U.S. labor secretary: Shutdowns aren't the 'cure-all' to COVID-19 pandemic
U.S. Labor Secretary Eugene Scalia said shutdowns "are not the cure-all" to address the coronavirus pandemic during a visit Friday to a steel tube manufacturer in Plymouth as COVID-19 cases in Michigan and across the country rise.
"We need to exercise precautions," Scalia told The Detroit News from Atlas Tube, a division of Chicago-based Zekelman Industries. "We need to be conscious of those rising cases, but we can't shut down our economy again. It takes a toll on health. It takes a toll on schoolchildren. It takes a toll on our economy. We have learned to strike a balance. That's what we will continue to do while we also work on the therapeutics and ultimately get the vaccine that will be critical in defeating the virus."
The son of the former U.S. Supreme Court Justice Antonin Scalia came to Michigan four days ahead of the election just as President Donald Trump told a crowd in Waterford Township that the country was "rounding the corner" against the virus. Meanwhile, the United States and Michigan added a record number of COVID-19 cases on Thursday, and European countries like France and Germany are forcing businesses like restaurants, bars and theaters to close their doors again.
There are other ways, the secretary emphasized, to avoid spreading the virus that do not include halting significant portions of the economy and causing potentially permanent damage.
"The virus is still out there," Scalia said. "We know that. We knew it was quite likely we would see an increase of cases as we headed into flu season. We're seeing that now. People are going to continue to have to keep the precautions we're now familiar with, and that's social distancing. It's hygiene in many contexts. It's wearing masks."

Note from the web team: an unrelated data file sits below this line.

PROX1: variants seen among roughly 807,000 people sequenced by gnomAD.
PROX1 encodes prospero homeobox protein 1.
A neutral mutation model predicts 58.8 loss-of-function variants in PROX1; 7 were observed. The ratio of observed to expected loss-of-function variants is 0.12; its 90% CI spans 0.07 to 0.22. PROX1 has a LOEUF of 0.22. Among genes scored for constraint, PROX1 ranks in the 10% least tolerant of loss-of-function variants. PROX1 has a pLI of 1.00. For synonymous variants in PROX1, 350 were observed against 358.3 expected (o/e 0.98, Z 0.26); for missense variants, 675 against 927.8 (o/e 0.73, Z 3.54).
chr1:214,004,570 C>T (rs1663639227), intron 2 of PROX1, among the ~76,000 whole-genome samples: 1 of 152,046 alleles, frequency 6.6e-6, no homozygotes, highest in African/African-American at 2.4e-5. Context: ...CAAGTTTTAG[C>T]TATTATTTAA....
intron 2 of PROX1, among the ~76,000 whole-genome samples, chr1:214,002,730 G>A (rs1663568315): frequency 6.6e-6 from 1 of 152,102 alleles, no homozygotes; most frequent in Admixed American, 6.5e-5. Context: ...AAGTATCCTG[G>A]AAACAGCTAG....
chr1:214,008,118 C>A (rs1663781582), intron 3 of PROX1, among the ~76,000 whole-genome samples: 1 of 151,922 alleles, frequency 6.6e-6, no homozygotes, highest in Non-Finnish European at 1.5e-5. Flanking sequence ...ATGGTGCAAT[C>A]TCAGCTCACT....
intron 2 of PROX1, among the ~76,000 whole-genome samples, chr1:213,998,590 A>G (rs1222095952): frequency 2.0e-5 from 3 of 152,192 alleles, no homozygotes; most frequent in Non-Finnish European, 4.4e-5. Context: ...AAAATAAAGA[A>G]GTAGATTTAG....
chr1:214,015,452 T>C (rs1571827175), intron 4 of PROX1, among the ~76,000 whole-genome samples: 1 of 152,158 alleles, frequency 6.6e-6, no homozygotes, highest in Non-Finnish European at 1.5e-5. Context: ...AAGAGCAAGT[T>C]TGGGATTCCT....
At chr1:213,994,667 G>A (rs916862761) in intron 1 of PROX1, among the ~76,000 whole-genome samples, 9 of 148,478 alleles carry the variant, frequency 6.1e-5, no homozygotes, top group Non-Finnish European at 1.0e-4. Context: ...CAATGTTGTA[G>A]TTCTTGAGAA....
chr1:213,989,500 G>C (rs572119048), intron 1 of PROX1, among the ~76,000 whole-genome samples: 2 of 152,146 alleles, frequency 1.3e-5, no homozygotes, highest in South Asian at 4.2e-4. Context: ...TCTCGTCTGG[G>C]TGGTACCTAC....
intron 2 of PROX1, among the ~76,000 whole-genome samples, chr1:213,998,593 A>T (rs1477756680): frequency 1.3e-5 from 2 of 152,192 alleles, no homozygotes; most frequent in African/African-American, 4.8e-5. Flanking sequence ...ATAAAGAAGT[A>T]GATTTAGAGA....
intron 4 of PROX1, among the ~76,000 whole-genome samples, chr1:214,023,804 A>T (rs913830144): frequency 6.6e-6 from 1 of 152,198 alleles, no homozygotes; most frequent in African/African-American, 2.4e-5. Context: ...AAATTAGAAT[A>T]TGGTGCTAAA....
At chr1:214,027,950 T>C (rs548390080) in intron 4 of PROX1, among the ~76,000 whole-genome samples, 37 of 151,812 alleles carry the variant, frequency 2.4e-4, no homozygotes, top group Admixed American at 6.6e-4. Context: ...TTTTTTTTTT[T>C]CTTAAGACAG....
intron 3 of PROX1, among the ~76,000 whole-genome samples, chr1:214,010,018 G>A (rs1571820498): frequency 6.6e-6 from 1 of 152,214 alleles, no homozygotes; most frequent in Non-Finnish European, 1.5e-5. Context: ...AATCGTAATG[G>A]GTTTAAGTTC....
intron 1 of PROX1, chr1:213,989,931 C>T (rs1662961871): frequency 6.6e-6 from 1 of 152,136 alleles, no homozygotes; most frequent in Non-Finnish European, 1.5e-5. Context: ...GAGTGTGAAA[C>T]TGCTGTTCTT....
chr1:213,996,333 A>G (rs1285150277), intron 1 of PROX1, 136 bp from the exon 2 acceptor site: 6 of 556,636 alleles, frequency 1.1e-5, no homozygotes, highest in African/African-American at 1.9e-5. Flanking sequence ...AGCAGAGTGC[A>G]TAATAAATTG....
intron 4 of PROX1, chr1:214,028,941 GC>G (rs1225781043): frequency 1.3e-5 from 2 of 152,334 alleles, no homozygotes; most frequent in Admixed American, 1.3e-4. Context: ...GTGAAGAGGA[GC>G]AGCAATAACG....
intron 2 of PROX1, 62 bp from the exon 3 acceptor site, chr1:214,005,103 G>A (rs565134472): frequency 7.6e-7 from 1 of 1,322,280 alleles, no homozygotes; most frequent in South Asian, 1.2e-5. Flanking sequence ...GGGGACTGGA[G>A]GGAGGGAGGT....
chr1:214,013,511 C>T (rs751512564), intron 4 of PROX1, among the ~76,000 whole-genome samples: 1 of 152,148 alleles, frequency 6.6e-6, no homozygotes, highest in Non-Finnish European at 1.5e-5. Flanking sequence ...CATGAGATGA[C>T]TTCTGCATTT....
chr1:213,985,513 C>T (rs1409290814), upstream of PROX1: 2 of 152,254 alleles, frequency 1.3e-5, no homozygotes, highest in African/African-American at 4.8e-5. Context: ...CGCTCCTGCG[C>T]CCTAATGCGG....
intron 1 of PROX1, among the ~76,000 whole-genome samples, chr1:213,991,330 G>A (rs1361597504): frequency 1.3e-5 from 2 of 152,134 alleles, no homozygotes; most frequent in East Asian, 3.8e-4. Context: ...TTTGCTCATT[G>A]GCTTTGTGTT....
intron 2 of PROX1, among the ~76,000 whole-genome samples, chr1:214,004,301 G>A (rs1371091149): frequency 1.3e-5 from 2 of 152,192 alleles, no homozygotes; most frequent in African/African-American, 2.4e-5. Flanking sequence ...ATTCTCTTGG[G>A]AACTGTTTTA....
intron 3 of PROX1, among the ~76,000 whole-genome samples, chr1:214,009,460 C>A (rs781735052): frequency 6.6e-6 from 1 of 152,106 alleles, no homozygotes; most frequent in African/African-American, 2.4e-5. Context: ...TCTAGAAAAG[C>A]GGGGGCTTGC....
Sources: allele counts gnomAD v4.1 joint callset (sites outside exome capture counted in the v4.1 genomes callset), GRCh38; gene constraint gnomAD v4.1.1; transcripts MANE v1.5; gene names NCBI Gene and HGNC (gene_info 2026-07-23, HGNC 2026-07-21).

About 22 million Americans, including more than 1 million Michigan residents, lost their jobs in March and April as the shutdowns took place. By the end of September, 11.4 million jobs had returned, and the unemployment rate had fallen below 8% from 14.7% in April.
"We're on a strong rebound," Scalia said. "The recovery that we're in right now is a faster, more robust recovery than virtually anybody was predicting back in March and April."
Adding to that, Scalia championed the U.S.-Mexico-Canada Agreement replacement of the North American Free Trade Agreement. The new deal went into effect in June and incentivizes the use of American-made metals for use in automobiles, vehicle parts and other goods.
"Atlas Tube expects the U.S.-Mexico-Canada Agreement is going to enable it to offer more jobs and more good-paying jobs by helping to ensure its workers are on a level playing field with workers in other countries that are subject to preferential treatment under the U.S.-Mexico-Canada Agreement," Scalia said. "One of the great bipartisan achievements of Donald Trump was to sign a deal that labor unions and businesses all recognized was going to be good for manufacturing growth in this country."